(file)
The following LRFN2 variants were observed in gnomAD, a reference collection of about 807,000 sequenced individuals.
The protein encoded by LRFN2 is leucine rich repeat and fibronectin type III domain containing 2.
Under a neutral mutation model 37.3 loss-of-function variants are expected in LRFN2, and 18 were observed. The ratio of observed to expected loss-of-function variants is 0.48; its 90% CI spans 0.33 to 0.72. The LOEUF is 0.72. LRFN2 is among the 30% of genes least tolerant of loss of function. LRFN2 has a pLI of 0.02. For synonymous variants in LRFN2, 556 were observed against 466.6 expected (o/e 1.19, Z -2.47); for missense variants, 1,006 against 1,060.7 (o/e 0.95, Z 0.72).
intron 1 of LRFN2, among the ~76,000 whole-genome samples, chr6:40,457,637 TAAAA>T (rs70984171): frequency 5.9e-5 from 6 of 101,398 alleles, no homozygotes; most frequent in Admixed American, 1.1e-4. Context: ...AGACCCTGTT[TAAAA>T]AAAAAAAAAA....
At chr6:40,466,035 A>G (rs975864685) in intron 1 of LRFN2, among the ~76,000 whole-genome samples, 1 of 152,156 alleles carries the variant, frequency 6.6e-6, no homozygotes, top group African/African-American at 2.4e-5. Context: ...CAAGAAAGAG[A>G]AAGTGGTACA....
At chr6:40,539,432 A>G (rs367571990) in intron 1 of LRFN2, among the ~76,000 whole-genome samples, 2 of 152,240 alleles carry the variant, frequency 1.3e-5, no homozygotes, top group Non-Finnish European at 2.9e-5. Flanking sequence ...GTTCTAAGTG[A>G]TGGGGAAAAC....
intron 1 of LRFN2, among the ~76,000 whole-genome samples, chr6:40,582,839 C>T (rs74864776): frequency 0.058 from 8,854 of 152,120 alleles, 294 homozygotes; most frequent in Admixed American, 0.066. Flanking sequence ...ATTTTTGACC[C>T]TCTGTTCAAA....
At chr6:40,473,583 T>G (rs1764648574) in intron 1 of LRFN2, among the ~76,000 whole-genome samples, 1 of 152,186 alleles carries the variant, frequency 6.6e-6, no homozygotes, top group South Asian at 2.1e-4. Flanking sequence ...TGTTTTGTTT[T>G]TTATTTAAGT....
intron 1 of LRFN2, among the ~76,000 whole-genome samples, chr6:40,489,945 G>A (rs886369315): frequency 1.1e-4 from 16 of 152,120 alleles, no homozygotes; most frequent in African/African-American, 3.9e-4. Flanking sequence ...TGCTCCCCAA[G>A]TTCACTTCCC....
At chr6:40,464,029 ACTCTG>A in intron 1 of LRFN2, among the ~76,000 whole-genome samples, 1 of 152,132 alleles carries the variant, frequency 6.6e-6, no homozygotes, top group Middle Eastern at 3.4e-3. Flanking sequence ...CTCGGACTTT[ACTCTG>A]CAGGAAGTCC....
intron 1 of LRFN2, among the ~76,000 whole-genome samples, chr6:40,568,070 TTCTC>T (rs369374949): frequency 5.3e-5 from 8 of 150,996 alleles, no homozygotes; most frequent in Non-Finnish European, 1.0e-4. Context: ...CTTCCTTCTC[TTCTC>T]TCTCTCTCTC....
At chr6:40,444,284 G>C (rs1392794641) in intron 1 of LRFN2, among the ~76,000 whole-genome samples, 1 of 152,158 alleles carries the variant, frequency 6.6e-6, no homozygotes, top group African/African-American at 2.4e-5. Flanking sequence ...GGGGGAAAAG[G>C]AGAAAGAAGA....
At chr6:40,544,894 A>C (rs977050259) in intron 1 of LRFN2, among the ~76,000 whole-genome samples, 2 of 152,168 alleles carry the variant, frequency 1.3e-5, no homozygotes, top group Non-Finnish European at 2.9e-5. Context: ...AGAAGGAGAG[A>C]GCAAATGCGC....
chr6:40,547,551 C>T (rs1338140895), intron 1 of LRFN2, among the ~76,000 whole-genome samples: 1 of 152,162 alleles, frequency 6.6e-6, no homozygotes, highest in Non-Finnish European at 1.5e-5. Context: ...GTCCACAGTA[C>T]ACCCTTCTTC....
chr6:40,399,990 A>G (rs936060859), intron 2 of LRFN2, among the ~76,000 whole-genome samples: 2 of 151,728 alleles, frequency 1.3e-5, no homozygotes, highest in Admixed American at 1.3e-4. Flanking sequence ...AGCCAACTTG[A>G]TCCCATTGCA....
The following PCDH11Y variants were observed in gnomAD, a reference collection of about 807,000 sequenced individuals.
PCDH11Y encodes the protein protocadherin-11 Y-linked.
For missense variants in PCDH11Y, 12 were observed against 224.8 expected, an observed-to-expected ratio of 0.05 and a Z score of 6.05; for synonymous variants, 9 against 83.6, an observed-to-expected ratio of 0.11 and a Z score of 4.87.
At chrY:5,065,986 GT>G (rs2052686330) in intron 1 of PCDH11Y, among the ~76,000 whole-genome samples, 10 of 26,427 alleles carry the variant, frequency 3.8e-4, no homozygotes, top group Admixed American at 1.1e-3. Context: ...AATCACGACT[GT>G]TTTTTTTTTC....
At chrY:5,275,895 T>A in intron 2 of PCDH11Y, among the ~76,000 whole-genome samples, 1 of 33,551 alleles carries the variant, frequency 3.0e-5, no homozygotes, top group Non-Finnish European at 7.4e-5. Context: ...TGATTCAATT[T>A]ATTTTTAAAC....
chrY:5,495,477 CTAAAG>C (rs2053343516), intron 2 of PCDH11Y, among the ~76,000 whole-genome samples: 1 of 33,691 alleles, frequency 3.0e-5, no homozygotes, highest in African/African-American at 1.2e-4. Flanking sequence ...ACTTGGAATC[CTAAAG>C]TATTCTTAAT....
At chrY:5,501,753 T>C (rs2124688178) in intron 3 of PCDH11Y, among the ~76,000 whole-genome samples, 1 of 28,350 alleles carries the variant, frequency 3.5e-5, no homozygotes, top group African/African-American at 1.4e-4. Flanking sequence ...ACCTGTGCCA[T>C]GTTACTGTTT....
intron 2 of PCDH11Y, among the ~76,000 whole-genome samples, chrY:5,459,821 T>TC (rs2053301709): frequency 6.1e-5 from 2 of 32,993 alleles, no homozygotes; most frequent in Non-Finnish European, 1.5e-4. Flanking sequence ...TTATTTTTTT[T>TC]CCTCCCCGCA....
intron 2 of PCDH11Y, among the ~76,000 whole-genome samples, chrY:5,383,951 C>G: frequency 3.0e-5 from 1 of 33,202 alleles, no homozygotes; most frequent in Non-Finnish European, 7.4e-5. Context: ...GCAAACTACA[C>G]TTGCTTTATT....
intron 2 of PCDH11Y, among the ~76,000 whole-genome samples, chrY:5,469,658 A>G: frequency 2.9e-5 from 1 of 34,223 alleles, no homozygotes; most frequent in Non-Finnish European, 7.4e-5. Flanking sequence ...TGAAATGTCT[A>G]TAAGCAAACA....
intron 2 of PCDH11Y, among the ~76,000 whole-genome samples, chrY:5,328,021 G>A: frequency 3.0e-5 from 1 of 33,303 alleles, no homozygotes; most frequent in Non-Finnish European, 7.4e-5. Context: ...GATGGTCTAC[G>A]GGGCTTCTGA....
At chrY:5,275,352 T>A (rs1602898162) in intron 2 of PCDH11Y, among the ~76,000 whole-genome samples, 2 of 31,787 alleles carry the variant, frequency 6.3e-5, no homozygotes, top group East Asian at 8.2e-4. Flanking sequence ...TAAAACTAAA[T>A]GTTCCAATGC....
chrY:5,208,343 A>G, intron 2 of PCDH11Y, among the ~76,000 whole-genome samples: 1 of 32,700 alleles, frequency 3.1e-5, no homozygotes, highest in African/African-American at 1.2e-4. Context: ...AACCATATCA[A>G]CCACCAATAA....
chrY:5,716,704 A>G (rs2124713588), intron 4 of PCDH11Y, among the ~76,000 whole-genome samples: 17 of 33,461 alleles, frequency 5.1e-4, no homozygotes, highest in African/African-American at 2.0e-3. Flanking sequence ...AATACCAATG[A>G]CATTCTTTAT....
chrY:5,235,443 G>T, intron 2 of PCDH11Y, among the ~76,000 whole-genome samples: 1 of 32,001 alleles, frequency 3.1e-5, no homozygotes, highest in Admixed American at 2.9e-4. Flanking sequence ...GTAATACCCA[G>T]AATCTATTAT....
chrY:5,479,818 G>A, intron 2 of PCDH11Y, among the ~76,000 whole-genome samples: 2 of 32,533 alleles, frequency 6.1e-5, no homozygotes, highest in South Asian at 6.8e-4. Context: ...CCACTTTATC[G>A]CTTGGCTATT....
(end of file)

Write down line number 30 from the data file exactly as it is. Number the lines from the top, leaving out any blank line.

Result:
chrY:5,235,443 G>T, intron 2 of PCDH11Y, among the ~76,000 whole-genome samples: 1 of 32,001 alleles, frequency 3.1e-5, no homozygotes, highest in Admixed American at 2.9e-4. Flanking sequence ...GTAATACCCA[G>T]AATCTATTAT....